Metabolites Formed By Intestinal Microbiota Might Be Fatal In CKD Patients

Metabolites Formed By Intestinal Microbiota Might Be Fatal In CKD Patients

Recent research has shown that accumulation of an organic byproduct of metabolic processes undergone by gut bacteria could lead to life threatening consequences. It has been known for a while that patients with chronic kidney disease (CKD) are prone to develop atherosclerosis which subsequently contributes to heart diseases, eventually leading to death.

According to a study published in the Journal of the American Society of Nephrology (JASN) conducted by Jason Stubbs, MD, Alan Yu, MB, BChir (The Kidney Institute at the University of Kansas Medical Center), and colleagues, among a population of 104 patients with CKD it was observed that the amount of the metabolite Trimethylamine-N-oxide (TMAO) (a major organic byproduct of metabolism of dietary nutrients choline and L-carnitine, by intestinal microbiota) was greater in patients with a higher degree of kidney damage. Previous research has shown that TMAO, accumulated in the bloodstream, leads to the production of cholesterol plaques in the arteries, which leads to heart failure. Moreover, the excretion of TMAO occurs mostly through urine, hence improperly functioning kidneys (as in patients with CKD) lead to accumulation of the compound.

During the course of the study patients receiving kidney transplants had a significant drop in TMAO levels in their bloodstream.

Specialists and nutritionists have started reviewing the amount of dietary sources which produce TMAO as a metabolite, like some species of deep-sea fish, eggs, and meat, to be reduced in the diet of people living with, or at a risk of developing CKD.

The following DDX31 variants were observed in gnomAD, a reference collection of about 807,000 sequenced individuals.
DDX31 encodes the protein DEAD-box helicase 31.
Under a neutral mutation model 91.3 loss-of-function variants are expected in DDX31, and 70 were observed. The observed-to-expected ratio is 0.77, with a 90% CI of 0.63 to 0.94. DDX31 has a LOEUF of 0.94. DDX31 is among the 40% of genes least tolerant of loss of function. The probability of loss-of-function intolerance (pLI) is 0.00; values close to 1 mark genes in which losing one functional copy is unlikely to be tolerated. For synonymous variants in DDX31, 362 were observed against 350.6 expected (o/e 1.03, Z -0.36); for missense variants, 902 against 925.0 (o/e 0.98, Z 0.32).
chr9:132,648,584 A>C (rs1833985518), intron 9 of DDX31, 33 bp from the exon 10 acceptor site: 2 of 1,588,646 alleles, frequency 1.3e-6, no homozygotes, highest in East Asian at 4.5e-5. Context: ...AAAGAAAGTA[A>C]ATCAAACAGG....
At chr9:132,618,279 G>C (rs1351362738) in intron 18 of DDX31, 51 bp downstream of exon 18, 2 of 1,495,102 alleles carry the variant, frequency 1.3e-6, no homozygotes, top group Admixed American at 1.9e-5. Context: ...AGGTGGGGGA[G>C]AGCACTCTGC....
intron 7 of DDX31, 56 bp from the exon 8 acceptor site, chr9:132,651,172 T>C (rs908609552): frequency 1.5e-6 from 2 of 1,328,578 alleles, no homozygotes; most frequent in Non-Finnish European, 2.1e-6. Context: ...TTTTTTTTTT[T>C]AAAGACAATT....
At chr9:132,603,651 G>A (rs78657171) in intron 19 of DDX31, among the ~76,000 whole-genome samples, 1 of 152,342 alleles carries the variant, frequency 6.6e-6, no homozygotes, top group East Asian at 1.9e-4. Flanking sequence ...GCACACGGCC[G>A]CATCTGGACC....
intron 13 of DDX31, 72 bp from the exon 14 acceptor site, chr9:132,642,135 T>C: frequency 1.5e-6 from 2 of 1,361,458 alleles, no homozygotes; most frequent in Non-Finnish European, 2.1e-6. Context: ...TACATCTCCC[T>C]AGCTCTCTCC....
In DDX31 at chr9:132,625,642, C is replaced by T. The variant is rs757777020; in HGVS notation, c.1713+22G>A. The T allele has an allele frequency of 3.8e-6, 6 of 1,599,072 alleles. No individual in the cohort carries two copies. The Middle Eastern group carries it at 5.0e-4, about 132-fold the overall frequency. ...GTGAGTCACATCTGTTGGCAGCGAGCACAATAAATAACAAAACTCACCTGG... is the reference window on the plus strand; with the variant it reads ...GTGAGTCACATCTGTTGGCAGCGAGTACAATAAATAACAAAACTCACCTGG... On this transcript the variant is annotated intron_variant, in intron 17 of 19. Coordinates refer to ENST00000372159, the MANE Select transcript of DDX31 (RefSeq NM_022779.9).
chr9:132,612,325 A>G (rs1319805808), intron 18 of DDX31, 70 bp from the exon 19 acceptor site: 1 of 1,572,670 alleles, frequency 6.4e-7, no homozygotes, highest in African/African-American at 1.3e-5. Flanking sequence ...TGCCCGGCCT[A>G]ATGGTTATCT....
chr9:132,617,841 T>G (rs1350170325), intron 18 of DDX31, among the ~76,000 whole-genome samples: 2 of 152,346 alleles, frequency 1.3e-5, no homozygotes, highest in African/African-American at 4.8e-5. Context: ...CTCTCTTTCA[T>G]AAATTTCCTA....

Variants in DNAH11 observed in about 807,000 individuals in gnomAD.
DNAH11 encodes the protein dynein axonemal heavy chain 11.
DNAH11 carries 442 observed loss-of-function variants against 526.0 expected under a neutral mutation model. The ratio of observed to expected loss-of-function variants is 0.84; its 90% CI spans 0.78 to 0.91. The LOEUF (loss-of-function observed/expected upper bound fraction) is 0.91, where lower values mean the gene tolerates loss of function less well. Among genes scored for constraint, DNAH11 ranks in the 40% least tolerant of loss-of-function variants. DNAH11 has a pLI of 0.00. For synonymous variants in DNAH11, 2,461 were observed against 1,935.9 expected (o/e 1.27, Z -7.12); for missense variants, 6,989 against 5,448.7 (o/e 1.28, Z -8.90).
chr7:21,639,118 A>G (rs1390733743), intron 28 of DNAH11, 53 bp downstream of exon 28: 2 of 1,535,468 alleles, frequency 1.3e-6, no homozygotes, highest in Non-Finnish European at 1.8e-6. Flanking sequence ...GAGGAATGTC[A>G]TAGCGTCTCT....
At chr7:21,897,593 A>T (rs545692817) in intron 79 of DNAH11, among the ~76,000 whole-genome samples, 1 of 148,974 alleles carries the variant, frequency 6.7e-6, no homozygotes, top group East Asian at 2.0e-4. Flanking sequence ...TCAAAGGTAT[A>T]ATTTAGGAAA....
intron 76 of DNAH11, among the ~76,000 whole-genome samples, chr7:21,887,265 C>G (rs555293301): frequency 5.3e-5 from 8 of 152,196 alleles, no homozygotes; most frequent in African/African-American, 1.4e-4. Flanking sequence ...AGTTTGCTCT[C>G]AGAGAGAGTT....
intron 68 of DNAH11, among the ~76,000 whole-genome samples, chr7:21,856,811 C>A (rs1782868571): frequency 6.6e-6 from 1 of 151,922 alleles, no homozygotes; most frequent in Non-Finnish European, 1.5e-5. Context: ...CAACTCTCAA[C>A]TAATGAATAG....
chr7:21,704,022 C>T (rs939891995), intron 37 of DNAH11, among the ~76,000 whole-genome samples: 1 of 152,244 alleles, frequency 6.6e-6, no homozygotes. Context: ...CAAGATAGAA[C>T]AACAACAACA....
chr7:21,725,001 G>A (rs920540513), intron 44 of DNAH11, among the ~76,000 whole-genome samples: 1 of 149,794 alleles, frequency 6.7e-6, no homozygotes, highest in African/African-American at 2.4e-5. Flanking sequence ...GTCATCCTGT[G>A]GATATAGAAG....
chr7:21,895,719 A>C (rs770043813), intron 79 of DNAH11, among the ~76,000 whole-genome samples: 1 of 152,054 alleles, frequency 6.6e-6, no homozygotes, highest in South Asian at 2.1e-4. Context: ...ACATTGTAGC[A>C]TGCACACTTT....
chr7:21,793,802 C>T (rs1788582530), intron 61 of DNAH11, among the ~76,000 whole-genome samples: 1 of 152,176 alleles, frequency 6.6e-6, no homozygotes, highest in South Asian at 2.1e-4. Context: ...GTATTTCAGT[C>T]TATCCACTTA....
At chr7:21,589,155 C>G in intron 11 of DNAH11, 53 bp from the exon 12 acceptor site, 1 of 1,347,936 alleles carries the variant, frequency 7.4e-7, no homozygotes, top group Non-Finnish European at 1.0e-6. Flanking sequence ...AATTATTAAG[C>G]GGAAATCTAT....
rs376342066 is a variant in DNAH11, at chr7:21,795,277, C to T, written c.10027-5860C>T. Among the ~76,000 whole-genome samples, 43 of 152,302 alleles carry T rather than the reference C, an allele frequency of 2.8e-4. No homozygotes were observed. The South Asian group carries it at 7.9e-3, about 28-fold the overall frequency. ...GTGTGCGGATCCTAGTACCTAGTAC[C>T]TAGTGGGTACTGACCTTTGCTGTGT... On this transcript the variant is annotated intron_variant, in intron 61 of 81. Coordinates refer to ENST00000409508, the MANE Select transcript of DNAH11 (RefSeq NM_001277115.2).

“Based on evidence that TMAO production is dependent on the metabolism of specific dietary constituents by intestinal bacteria, therapies targeting the generation of TMAO precursors by intestinal bacteria may represent a novel strategy for reducing cardiovascular disease and mortality in patients with CKD,” said Dr. Stubbs.

In an accompanying editorial, W.H. Wilson Tang, MD (Cleveland Clinic), wrote, “There is much to learn in this complex relationship between ourselves and the microbes living within.”

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Sreetama studied biotechnology at SRM Institute of Science and Technology, and did her Masters in medical microbiology at University of Manchester in Manchester, UK. She currently covers science and research news and also researches and writes informational resource pages for the website.

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